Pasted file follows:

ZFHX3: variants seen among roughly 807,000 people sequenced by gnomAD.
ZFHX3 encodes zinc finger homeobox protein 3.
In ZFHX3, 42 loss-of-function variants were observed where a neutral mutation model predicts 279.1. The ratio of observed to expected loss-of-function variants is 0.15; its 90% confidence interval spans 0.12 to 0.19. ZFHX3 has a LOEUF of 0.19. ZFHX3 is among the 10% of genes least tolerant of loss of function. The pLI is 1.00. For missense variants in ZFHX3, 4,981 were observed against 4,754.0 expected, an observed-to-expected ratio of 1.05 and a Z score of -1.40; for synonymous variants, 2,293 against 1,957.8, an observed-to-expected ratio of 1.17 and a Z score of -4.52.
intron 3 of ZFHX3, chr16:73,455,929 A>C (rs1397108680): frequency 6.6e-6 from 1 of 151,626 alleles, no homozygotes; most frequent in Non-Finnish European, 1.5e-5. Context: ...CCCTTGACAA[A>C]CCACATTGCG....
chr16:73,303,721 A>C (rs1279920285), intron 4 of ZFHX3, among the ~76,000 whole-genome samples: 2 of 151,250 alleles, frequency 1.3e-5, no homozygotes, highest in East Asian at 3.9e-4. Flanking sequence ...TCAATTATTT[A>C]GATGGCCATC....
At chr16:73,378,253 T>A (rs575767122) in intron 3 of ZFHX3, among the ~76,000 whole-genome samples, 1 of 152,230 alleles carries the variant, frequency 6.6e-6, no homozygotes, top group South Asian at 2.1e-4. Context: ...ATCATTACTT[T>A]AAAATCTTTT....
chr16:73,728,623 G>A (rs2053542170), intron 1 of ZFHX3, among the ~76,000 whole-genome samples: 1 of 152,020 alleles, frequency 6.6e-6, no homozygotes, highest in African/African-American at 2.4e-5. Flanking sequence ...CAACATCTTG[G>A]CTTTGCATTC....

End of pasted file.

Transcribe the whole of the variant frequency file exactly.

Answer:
ZFHX3: variants seen among roughly 807,000 people sequenced by gnomAD.
ZFHX3 encodes zinc finger homeobox protein 3.
In ZFHX3, 42 loss-of-function variants were observed where a neutral mutation model predicts 279.1. The ratio of observed to expected loss-of-function variants is 0.15; its 90% confidence interval spans 0.12 to 0.19. ZFHX3 has a LOEUF of 0.19. ZFHX3 is among the 10% of genes least tolerant of loss of function. The pLI is 1.00. For missense variants in ZFHX3, 4,981 were observed against 4,754.0 expected, an observed-to-expected ratio of 1.05 and a Z score of -1.40; for synonymous variants, 2,293 against 1,957.8, an observed-to-expected ratio of 1.17 and a Z score of -4.52.
intron 3 of ZFHX3, chr16:73,455,929 A>C (rs1397108680): frequency 6.6e-6 from 1 of 151,626 alleles, no homozygotes; most frequent in Non-Finnish European, 1.5e-5. Context: ...CCCTTGACAA[A>C]CCACATTGCG....
chr16:73,303,721 A>C (rs1279920285), intron 4 of ZFHX3, among the ~76,000 whole-genome samples: 2 of 151,250 alleles, frequency 1.3e-5, no homozygotes, highest in East Asian at 3.9e-4. Flanking sequence ...TCAATTATTT[A>C]GATGGCCATC....
At chr16:73,378,253 T>A (rs575767122) in intron 3 of ZFHX3, among the ~76,000 whole-genome samples, 1 of 152,230 alleles carries the variant, frequency 6.6e-6, no homozygotes, top group South Asian at 2.1e-4. Context: ...ATCATTACTT[T>A]AAAATCTTTT....
chr16:73,728,623 G>A (rs2053542170), intron 1 of ZFHX3, among the ~76,000 whole-genome samples: 1 of 152,020 alleles, frequency 6.6e-6, no homozygotes, highest in African/African-American at 2.4e-5. Flanking sequence ...CAACATCTTG[G>A]CTTTGCATTC....